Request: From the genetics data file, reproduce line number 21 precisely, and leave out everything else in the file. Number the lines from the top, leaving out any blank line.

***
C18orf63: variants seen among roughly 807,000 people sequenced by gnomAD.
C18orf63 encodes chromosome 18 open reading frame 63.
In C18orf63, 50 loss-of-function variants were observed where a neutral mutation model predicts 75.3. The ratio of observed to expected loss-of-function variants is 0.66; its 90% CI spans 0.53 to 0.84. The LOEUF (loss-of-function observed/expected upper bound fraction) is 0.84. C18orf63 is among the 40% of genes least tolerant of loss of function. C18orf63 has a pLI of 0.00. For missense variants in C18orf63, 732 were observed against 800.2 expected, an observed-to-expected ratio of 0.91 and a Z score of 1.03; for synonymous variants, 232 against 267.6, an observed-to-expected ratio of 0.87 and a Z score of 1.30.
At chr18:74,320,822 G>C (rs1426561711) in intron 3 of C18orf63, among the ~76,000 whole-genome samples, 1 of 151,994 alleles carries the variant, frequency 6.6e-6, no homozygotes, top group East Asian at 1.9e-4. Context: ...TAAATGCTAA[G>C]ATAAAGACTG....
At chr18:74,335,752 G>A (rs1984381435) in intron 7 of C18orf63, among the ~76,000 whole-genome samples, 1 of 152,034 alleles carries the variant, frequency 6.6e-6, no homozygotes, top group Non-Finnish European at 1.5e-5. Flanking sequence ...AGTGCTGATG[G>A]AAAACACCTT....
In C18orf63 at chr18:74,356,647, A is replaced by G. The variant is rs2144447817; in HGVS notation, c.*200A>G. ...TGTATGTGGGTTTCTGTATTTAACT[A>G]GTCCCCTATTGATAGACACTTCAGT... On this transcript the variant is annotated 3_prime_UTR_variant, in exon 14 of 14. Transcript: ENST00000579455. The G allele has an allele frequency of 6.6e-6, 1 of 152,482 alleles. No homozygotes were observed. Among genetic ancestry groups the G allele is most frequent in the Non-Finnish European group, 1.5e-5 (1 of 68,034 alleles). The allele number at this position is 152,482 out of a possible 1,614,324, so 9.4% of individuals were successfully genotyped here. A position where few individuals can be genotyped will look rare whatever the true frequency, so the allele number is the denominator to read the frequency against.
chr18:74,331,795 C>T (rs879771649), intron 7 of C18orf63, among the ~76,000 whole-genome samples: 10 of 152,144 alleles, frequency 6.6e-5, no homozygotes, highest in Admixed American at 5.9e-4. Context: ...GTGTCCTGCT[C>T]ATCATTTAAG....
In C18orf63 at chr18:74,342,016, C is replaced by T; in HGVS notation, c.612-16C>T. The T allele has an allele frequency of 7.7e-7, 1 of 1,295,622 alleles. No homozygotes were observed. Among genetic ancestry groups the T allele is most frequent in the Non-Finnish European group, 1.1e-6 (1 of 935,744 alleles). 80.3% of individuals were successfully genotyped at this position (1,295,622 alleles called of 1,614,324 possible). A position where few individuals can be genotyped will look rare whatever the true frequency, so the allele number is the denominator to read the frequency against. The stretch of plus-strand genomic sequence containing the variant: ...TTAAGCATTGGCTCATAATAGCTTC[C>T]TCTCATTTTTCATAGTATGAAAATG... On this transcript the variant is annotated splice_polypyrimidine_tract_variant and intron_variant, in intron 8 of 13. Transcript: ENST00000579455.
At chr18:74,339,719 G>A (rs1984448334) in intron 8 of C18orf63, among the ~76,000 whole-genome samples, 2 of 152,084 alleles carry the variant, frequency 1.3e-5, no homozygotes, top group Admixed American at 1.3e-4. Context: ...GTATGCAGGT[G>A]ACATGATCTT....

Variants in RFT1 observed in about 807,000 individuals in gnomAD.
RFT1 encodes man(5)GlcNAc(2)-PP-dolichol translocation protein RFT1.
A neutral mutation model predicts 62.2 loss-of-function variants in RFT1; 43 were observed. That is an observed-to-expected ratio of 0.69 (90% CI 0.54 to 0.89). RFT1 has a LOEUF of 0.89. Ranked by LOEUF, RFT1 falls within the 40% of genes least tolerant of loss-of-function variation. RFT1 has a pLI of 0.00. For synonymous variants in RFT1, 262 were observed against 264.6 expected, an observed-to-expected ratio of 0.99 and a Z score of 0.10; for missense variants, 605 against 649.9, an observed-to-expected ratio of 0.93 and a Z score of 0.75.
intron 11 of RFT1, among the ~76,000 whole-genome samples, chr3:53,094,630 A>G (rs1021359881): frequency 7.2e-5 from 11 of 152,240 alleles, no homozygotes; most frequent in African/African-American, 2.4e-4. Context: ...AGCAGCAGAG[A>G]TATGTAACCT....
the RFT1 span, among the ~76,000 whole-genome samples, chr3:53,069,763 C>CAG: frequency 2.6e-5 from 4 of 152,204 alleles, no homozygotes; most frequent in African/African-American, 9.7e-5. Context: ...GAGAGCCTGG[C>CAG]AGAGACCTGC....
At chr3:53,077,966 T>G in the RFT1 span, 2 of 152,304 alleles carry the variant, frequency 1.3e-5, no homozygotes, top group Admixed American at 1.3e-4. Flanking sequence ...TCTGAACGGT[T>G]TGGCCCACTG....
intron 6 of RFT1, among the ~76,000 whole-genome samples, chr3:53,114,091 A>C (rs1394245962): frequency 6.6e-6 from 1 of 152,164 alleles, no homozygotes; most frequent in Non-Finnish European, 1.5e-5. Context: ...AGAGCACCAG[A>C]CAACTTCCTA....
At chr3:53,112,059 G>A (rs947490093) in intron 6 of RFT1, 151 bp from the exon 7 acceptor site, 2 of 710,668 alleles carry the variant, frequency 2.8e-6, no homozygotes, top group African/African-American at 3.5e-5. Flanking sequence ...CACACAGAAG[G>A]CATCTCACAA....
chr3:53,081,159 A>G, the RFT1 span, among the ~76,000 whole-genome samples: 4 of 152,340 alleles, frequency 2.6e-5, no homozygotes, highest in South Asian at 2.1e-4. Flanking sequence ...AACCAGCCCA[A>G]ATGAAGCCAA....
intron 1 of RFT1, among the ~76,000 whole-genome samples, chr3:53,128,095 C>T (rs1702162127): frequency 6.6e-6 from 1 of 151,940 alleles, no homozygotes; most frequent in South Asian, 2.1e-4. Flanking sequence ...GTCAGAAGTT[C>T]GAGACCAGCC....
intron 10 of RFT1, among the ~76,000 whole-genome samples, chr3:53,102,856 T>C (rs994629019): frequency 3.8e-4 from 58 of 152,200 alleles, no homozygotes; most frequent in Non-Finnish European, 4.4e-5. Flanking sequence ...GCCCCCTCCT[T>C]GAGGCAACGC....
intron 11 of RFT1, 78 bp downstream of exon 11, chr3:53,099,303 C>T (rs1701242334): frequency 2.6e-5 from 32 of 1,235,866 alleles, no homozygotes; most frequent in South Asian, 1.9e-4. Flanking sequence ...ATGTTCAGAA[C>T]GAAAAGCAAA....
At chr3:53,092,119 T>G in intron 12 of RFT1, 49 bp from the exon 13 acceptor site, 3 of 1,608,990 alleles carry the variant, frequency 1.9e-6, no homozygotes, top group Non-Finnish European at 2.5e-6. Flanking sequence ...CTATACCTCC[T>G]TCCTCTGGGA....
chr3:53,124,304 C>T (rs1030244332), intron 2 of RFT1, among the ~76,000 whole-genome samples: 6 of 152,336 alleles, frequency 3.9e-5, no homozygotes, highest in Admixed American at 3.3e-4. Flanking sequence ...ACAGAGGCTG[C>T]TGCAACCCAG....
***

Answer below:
intron 11 of RFT1, 78 bp downstream of exon 11, chr3:53,099,303 C>T (rs1701242334): frequency 2.6e-5 from 32 of 1,235,866 alleles, no homozygotes; most frequent in South Asian, 1.9e-4. Flanking sequence ...ATGTTCAGAA[C>T]GAAAAGCAAA....